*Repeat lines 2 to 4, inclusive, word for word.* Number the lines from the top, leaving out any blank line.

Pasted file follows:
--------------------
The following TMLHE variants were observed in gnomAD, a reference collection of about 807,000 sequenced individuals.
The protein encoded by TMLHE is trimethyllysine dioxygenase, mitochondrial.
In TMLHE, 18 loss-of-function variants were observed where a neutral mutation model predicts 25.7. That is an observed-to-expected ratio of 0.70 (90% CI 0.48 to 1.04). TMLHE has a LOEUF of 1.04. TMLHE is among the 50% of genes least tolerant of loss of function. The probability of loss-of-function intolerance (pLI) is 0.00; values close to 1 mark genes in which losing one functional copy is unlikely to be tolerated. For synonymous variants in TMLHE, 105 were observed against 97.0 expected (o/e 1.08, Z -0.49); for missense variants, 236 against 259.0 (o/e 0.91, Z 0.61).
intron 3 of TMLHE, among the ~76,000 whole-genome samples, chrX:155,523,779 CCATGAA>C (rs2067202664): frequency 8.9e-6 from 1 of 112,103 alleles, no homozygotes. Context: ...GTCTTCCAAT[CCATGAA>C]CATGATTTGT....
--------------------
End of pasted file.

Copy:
The protein encoded by TMLHE is trimethyllysine dioxygenase, mitochondrial.
In TMLHE, 18 loss-of-function variants were observed where a neutral mutation model predicts 25.7. That is an observed-to-expected ratio of 0.70 (90% CI 0.48 to 1.04). TMLHE has a LOEUF of 1.04. TMLHE is among the 50% of genes least tolerant of loss of function. The probability of loss-of-function intolerance (pLI) is 0.00; values close to 1 mark genes in which losing one functional copy is unlikely to be tolerated. For synonymous variants in TMLHE, 105 were observed against 97.0 expected (o/e 1.08, Z -0.49); for missense variants, 236 against 259.0 (o/e 0.91, Z 0.61).
intron 3 of TMLHE, among the ~76,000 whole-genome samples, chrX:155,523,779 CCATGAA>C (rs2067202664): frequency 8.9e-6 from 1 of 112,103 alleles, no homozygotes. Context: ...GTCTTCCAAT[CCATGAA>C]CATGATTTGT....